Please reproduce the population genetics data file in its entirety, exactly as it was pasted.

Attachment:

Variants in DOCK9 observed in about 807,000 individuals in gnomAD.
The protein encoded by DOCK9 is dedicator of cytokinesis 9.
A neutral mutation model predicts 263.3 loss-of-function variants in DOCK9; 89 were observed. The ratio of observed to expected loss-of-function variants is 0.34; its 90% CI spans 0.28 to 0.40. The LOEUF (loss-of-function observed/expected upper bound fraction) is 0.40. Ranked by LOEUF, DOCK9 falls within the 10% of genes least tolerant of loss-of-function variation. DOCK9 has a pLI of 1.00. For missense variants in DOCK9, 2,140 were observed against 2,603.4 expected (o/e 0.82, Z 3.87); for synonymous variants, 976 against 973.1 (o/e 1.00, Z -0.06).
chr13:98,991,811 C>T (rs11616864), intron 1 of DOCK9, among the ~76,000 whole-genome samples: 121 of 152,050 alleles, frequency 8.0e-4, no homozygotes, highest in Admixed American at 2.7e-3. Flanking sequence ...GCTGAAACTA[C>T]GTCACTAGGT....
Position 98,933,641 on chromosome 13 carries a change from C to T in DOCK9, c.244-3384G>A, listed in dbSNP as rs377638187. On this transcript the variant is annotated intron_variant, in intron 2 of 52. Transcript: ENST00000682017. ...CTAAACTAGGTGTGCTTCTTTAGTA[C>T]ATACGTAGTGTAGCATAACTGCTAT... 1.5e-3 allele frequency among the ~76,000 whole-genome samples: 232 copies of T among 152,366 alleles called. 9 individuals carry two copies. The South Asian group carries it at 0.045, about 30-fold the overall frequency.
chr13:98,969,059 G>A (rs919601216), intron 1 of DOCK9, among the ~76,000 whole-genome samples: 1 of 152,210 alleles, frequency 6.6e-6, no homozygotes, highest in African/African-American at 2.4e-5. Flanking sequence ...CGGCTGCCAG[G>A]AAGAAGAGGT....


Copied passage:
Variants in DOCK9 observed in about 807,000 individuals in gnomAD.
The protein encoded by DOCK9 is dedicator of cytokinesis 9.
A neutral mutation model predicts 263.3 loss-of-function variants in DOCK9; 89 were observed. The ratio of observed to expected loss-of-function variants is 0.34; its 90% CI spans 0.28 to 0.40. The LOEUF (loss-of-function observed/expected upper bound fraction) is 0.40. Ranked by LOEUF, DOCK9 falls within the 10% of genes least tolerant of loss-of-function variation. DOCK9 has a pLI of 1.00. For missense variants in DOCK9, 2,140 were observed against 2,603.4 expected (o/e 0.82, Z 3.87); for synonymous variants, 976 against 973.1 (o/e 1.00, Z -0.06).
chr13:98,991,811 C>T (rs11616864), intron 1 of DOCK9, among the ~76,000 whole-genome samples: 121 of 152,050 alleles, frequency 8.0e-4, no homozygotes, highest in Admixed American at 2.7e-3. Flanking sequence ...GCTGAAACTA[C>T]GTCACTAGGT....
Position 98,933,641 on chromosome 13 carries a change from C to T in DOCK9, c.244-3384G>A, listed in dbSNP as rs377638187. On this transcript the variant is annotated intron_variant, in intron 2 of 52. Transcript: ENST00000682017. ...CTAAACTAGGTGTGCTTCTTTAGTA[C>T]ATACGTAGTGTAGCATAACTGCTAT... 1.5e-3 allele frequency among the ~76,000 whole-genome samples: 232 copies of T among 152,366 alleles called. 9 individuals carry two copies. The South Asian group carries it at 0.045, about 30-fold the overall frequency.
chr13:98,969,059 G>A (rs919601216), intron 1 of DOCK9, among the ~76,000 whole-genome samples: 1 of 152,210 alleles, frequency 6.6e-6, no homozygotes, highest in African/African-American at 2.4e-5. Flanking sequence ...CGGCTGCCAG[G>A]AAGAAGAGGT....